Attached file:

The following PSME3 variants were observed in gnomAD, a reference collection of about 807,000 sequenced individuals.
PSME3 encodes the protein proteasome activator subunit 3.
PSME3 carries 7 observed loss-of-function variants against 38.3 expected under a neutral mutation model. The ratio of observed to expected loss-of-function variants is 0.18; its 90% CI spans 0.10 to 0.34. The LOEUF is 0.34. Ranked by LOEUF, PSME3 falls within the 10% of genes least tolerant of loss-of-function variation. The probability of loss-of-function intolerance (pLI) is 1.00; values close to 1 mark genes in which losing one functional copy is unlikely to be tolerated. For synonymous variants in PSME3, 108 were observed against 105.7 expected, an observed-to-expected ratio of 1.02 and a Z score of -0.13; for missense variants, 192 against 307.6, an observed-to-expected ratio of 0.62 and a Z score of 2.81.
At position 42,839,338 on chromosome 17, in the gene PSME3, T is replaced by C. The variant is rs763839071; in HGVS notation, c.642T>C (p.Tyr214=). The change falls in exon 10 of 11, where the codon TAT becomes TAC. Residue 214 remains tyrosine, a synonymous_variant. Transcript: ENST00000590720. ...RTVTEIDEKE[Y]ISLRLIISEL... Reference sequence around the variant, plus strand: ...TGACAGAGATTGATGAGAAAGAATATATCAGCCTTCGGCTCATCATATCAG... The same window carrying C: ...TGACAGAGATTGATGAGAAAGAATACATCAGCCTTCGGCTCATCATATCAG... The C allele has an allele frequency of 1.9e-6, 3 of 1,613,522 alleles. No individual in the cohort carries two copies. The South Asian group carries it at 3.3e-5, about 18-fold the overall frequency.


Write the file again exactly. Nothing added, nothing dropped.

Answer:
The following PSME3 variants were observed in gnomAD, a reference collection of about 807,000 sequenced individuals.
PSME3 encodes the protein proteasome activator subunit 3.
PSME3 carries 7 observed loss-of-function variants against 38.3 expected under a neutral mutation model. The ratio of observed to expected loss-of-function variants is 0.18; its 90% CI spans 0.10 to 0.34. The LOEUF is 0.34. Ranked by LOEUF, PSME3 falls within the 10% of genes least tolerant of loss-of-function variation. The probability of loss-of-function intolerance (pLI) is 1.00; values close to 1 mark genes in which losing one functional copy is unlikely to be tolerated. For synonymous variants in PSME3, 108 were observed against 105.7 expected, an observed-to-expected ratio of 1.02 and a Z score of -0.13; for missense variants, 192 against 307.6, an observed-to-expected ratio of 0.62 and a Z score of 2.81.
At position 42,839,338 on chromosome 17, in the gene PSME3, T is replaced by C. The variant is rs763839071; in HGVS notation, c.642T>C (p.Tyr214=). The change falls in exon 10 of 11, where the codon TAT becomes TAC. Residue 214 remains tyrosine, a synonymous_variant. Transcript: ENST00000590720. ...RTVTEIDEKE[Y]ISLRLIISEL... Reference sequence around the variant, plus strand: ...TGACAGAGATTGATGAGAAAGAATATATCAGCCTTCGGCTCATCATATCAG... The same window carrying C: ...TGACAGAGATTGATGAGAAAGAATACATCAGCCTTCGGCTCATCATATCAG... The C allele has an allele frequency of 1.9e-6, 3 of 1,613,522 alleles. No individual in the cohort carries two copies. The South Asian group carries it at 3.3e-5, about 18-fold the overall frequency.